“Sockdolager” represents both an artistic and an historical statement. Therefore, each detail concerning the adventures and their equipment has been thoroughly research and justified.
The boat, named the “Emma Dean” after Powell’s wife, represented the smallest of the four used by Powell on that first expedition down the Colorado in 1869. It was manned by John Colter Sumner, Major John Wesley Powell and William Dunn. In his diary, Sumner described the Emma Dean as a “16 foot, four-oared pine shell.” These boats were made in Chicago. After several weeks in the dry climate of Utah, the wood began to shrink and separate. It was necessary for the men to periodically hike up to where pine trees were available to collect pine pitch to be used in sealing these cracks.
Major Powell, who was 33 years old at the time, had lost his right arm 2 inches below the elbow, to a mini-ball during the Battle of Shiloh. He is wearing a vulcanized rubber life preserver. The original life preserver is “hidden” (stored) somewhere in the Smithsonian Institution.
Sumner was a 5 foot 5 inch free-trapper by trade and was Major Powell’s lead boatman. He claimed to be the one who originally talked Powell into going down the Colorado River. Sumner appears here wearing his long-handle underwear, because by now, the men had lost or worn out most of their clothing.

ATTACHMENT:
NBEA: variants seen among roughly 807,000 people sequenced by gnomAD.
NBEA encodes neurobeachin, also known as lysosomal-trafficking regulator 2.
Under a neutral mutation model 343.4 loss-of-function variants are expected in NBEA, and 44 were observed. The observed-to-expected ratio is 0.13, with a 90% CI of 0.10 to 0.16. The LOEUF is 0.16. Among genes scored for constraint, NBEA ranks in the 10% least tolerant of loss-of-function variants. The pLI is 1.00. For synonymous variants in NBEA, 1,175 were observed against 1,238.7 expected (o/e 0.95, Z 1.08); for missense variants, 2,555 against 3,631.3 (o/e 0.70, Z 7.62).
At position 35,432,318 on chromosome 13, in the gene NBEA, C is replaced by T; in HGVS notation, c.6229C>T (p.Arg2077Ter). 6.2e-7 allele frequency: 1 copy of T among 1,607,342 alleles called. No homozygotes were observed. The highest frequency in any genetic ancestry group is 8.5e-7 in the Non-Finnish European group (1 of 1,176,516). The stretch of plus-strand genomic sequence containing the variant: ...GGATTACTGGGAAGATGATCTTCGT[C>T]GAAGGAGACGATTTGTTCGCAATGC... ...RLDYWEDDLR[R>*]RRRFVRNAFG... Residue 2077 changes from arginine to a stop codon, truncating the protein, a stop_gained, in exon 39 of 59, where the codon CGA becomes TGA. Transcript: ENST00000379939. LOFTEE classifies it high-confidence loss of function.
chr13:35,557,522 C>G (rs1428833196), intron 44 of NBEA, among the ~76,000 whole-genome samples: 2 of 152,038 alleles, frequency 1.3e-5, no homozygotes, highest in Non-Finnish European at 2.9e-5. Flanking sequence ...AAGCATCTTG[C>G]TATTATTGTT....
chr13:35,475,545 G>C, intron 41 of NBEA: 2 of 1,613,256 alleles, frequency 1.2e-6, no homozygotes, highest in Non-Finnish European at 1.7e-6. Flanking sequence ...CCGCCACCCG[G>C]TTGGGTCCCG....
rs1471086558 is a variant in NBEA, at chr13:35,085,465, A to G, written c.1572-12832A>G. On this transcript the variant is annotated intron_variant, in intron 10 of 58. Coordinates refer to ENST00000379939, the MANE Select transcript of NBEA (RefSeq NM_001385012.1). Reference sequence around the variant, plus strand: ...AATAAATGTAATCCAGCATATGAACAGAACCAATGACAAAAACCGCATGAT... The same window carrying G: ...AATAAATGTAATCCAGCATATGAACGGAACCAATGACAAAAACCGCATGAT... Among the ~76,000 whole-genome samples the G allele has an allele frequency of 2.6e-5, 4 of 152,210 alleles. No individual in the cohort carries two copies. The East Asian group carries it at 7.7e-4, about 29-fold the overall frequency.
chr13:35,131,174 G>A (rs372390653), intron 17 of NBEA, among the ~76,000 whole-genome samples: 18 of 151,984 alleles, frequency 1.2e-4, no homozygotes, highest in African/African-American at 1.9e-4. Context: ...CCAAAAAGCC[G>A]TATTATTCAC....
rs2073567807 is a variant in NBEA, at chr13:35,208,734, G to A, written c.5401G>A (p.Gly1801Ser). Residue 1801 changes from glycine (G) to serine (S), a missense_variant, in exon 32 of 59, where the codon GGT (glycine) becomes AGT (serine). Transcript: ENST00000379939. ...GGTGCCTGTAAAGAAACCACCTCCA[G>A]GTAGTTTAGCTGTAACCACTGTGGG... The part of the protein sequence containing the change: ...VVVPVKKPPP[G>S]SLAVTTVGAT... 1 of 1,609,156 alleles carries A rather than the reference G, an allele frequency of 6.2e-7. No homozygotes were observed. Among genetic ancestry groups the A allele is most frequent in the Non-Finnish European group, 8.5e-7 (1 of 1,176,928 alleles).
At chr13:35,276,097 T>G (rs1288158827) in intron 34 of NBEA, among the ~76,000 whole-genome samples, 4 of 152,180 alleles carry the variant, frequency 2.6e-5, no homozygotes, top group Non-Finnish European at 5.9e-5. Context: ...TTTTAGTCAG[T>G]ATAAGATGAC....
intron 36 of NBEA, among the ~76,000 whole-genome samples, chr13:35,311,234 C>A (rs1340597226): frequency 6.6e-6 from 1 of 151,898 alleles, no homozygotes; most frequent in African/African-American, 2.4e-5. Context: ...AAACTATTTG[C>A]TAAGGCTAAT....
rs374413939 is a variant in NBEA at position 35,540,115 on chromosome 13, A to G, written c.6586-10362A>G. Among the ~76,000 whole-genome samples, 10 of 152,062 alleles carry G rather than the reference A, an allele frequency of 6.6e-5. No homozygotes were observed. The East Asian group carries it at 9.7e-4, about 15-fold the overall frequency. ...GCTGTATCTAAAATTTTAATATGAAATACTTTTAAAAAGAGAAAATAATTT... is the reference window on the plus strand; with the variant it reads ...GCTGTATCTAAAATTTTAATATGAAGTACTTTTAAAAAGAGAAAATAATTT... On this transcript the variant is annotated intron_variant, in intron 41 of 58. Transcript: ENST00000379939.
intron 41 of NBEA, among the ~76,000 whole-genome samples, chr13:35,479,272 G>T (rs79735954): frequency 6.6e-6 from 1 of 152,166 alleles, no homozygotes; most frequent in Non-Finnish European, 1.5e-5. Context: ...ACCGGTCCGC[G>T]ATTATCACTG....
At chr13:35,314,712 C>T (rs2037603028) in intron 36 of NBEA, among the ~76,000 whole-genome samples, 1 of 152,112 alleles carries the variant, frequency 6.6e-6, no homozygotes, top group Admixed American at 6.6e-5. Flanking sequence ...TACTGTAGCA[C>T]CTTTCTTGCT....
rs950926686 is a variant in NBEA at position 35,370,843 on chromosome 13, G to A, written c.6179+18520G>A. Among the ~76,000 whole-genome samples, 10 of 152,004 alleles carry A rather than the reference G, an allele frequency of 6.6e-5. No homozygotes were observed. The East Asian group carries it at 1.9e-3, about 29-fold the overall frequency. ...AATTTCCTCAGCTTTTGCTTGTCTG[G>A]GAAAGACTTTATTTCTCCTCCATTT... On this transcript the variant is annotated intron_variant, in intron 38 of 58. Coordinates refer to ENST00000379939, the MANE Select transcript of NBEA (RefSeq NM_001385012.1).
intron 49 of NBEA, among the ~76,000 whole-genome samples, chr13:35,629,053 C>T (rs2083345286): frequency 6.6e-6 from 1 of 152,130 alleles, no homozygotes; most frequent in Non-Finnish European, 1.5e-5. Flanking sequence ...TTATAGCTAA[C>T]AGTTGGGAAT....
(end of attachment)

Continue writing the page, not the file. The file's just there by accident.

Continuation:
The third person is William Dunn, also a trapper and mountain man. Dunn fell out of favor with Powell at the beginning of the trip, when he had accidentally gotten Powell’s watch wet. He later left the party at Separation Rapid along with the two Howland brothers, and as they were attempting to reach Mormon settlement, the 3 were apparently killed by Indians.
Inside the boat are beaver traps, tools, a camp kettle, and a gold pan. The search for beaver and gold was two of the main reasons why most of the men went on the trip, Powell being the only scientifically inclined member of the group.
The signal flag in the bottom of the boat was one of the first sources of contention between the Howland brothers and Powell. The use, or lack of use of the flag at what was later named Disaster Falls resulted in the loss of the boat, “No Name,” which was manned by the Howlands.
The bag at the left of Sumner was made from the top of a rubber boot and sealed with pine pitch. This was used to keep ammunition dry.
Subsisting mainly on moldy flour, some dried fruit and coffee, the men kept their weapons handy in hopes of bagging a mountain sheep or some other hapless creature. The 1866 Winchester saddlering carbine was a favorite of the time and weapons of the Civil War were also used.
Many oars were broken during the tip and had to be replaced by literally carving new ones from trees when they were able to find them.
Some technical information on “SOCKDOLAGER”: This piece is produced by using the lost wax casting technique. What sets this bronze apart from others is that it is cast in over 130 separate pieces which are then welded back together to form the complete sculpture.
This is the last piece available in a limited edition of only 20.
H:33” • W: 32” • D: 27"